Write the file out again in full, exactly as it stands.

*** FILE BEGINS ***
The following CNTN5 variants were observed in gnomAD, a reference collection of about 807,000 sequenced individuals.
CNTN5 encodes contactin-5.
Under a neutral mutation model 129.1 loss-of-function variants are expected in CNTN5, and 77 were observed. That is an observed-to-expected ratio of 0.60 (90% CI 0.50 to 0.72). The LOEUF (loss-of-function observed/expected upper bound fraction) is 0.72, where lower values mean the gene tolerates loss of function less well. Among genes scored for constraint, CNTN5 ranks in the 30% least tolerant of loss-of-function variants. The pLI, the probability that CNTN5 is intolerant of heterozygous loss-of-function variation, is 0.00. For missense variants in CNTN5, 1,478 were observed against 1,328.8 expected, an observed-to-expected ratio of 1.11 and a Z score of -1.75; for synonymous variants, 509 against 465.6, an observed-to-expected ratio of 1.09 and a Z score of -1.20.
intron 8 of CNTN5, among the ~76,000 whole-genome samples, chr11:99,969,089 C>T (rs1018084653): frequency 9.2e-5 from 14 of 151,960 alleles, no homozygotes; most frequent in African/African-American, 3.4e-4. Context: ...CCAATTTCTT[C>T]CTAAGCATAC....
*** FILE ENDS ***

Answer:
The following CNTN5 variants were observed in gnomAD, a reference collection of about 807,000 sequenced individuals.
CNTN5 encodes contactin-5.
Under a neutral mutation model 129.1 loss-of-function variants are expected in CNTN5, and 77 were observed. That is an observed-to-expected ratio of 0.60 (90% CI 0.50 to 0.72). The LOEUF (loss-of-function observed/expected upper bound fraction) is 0.72, where lower values mean the gene tolerates loss of function less well. Among genes scored for constraint, CNTN5 ranks in the 30% least tolerant of loss-of-function variants. The pLI, the probability that CNTN5 is intolerant of heterozygous loss-of-function variation, is 0.00. For missense variants in CNTN5, 1,478 were observed against 1,328.8 expected, an observed-to-expected ratio of 1.11 and a Z score of -1.75; for synonymous variants, 509 against 465.6, an observed-to-expected ratio of 1.09 and a Z score of -1.20.
intron 8 of CNTN5, among the ~76,000 whole-genome samples, chr11:99,969,089 C>T (rs1018084653): frequency 9.2e-5 from 14 of 151,960 alleles, no homozygotes; most frequent in African/African-American, 3.4e-4. Context: ...CCAATTTCTT[C>T]CTAAGCATAC....